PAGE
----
Prometheus and Frankenstein: Use of the Myth
In what ways and for what ends does Mary Shelley utilise the myth of Prometheus in her novel, Frankenstein?
Mary Shelley wrote Frankenstein as a modern day version of the legend of Prometheus. Prometheus created men out of clay and taught them the "arts of civilisation" (Webster's World Encyclopedia CD-ROM 1999). Zeus, the chief god of the Titans, wanted to destroy Prometheus' creation but Prometheus stole fire from heaven to help mankind. Zeus punished Prometheus by chaining him to a rock where an eagle would feed on his liver during the day and each night the liver would grow back. Prometheus was able to bargain for his release because he knew a secret which concerned Zeus' future. Heracles shot the eagle and so Prometheus gained release. Victor Frankenstein is Shelley's modern Prometheus in that he, too, created man. The themes that relate to the myth of Prometheus in the novel are Frankenstein's torment, the monster's education, and the absolute determination of the individual spirit and how this determination can rival that of God. Shelley uses these themes to show that the human spirit is capable of many things - of noble pursuits that rival God himself, but also of the darkest of...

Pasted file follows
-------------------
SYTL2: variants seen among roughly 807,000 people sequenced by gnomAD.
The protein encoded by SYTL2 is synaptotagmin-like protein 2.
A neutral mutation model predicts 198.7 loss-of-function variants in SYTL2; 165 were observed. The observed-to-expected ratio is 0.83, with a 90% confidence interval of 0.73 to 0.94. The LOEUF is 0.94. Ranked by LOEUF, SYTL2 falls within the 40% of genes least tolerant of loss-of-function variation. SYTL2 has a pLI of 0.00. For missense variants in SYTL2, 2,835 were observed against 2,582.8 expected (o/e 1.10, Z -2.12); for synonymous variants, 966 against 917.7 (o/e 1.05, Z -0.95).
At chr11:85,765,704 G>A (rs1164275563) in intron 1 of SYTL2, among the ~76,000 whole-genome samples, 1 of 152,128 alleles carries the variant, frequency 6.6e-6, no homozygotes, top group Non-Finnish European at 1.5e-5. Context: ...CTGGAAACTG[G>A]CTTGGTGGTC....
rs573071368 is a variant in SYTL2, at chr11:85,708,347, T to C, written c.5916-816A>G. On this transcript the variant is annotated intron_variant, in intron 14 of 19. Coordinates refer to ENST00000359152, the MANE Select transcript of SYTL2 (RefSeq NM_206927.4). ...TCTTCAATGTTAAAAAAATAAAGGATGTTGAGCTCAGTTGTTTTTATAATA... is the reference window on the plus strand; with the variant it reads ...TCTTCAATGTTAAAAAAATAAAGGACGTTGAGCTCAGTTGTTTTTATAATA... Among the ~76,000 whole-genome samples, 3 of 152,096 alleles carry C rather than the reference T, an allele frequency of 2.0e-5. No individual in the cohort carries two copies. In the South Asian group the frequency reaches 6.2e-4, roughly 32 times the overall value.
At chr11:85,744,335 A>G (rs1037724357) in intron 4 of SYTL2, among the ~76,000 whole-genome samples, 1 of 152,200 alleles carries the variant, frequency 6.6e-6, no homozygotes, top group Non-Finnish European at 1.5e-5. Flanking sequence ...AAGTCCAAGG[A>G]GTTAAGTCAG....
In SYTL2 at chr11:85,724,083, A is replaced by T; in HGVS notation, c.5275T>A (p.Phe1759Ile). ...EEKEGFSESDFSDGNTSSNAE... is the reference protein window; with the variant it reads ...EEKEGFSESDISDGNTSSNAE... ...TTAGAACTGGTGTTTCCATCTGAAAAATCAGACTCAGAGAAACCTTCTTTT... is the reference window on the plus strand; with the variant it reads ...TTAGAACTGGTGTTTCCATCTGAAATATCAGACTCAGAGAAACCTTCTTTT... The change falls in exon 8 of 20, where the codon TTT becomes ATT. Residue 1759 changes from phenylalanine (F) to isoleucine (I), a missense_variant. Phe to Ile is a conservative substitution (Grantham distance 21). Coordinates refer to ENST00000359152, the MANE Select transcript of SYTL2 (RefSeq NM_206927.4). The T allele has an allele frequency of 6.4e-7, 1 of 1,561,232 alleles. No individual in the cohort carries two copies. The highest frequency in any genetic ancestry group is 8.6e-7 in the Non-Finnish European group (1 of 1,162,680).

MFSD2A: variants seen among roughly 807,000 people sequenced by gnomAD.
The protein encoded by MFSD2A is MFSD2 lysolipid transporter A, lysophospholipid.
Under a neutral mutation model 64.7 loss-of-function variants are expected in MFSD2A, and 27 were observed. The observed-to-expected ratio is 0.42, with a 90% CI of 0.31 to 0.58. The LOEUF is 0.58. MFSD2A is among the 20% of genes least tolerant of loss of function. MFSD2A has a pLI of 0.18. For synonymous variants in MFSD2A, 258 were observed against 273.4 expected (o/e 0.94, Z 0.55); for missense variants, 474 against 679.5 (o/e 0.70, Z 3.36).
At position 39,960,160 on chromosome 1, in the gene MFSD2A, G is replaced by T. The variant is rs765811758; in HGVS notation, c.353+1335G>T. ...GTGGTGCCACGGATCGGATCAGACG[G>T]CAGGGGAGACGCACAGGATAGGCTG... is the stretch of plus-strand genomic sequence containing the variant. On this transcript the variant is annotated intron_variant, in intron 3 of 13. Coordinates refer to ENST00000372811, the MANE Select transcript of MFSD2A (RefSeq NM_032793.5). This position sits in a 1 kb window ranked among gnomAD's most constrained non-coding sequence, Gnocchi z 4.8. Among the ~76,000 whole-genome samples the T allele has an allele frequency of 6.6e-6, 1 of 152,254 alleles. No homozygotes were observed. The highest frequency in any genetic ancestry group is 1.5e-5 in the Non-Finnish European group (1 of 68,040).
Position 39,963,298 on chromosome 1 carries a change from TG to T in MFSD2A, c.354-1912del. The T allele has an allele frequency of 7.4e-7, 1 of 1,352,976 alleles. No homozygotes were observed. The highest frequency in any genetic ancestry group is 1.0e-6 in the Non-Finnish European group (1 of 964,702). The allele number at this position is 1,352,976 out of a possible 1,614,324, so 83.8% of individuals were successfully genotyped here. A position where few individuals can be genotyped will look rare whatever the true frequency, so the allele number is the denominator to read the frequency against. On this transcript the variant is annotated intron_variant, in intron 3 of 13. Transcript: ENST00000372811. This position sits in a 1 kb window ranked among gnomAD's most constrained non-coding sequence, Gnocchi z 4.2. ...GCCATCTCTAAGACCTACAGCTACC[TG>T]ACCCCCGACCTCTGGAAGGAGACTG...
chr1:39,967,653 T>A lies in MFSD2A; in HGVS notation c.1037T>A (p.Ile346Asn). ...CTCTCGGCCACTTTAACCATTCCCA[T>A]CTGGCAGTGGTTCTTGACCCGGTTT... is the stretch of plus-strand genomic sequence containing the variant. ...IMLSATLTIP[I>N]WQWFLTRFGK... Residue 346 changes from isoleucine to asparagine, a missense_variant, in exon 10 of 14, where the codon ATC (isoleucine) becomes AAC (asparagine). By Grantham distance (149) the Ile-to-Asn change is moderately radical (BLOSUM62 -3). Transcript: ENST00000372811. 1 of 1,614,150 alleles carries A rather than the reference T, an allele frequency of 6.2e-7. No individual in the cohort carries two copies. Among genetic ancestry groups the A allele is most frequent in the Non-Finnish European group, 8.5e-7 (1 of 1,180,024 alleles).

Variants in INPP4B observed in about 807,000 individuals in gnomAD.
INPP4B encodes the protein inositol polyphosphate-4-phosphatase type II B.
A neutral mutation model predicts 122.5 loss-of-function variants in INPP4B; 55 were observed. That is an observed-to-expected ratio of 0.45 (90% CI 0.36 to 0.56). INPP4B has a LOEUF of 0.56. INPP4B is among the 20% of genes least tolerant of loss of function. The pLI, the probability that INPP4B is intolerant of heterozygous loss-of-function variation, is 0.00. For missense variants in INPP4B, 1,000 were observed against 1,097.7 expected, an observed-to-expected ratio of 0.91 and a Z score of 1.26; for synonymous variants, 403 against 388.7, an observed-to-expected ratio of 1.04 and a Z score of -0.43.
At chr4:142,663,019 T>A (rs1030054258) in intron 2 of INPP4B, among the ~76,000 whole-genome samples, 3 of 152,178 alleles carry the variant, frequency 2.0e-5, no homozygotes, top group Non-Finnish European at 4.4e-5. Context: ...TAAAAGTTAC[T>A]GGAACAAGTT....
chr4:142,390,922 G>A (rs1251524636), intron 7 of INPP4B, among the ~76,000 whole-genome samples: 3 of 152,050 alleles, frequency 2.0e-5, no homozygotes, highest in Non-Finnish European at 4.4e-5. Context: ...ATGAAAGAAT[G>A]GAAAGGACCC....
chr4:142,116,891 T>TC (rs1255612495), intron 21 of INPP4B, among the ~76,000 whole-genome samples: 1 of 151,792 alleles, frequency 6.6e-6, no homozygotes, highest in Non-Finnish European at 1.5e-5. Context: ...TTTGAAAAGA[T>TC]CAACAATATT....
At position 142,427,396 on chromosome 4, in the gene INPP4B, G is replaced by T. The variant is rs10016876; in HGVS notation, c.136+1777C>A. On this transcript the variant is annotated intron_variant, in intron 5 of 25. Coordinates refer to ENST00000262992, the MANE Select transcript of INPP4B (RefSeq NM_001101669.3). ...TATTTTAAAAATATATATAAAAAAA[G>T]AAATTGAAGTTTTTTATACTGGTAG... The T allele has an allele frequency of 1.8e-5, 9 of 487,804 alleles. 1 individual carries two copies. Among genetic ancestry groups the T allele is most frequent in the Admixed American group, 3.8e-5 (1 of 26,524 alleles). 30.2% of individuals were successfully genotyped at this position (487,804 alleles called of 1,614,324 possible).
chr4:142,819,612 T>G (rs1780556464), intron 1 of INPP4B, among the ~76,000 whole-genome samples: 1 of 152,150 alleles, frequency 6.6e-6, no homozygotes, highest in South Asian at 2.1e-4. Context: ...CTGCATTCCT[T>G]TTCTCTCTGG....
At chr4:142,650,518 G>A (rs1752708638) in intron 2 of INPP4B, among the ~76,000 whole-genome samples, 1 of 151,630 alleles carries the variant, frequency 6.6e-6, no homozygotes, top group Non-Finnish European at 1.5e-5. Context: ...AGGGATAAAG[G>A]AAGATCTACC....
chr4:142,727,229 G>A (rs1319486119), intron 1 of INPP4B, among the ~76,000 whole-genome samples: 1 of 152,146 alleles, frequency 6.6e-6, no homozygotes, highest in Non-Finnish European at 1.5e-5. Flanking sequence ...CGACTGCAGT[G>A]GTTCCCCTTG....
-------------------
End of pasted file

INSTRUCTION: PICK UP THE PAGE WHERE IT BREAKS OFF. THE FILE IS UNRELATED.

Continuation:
Join Now to View Premium Content
GradeSaver provides access to 739 study guide PDFs and quizzes, 4409 literature essays, 1446 sample college application essays, 178 lesson plans, and ad-free surfing in this premium content, “Members Only” section of the site! Membership includes a 10% discount on all editing orders.
Already a member? Log in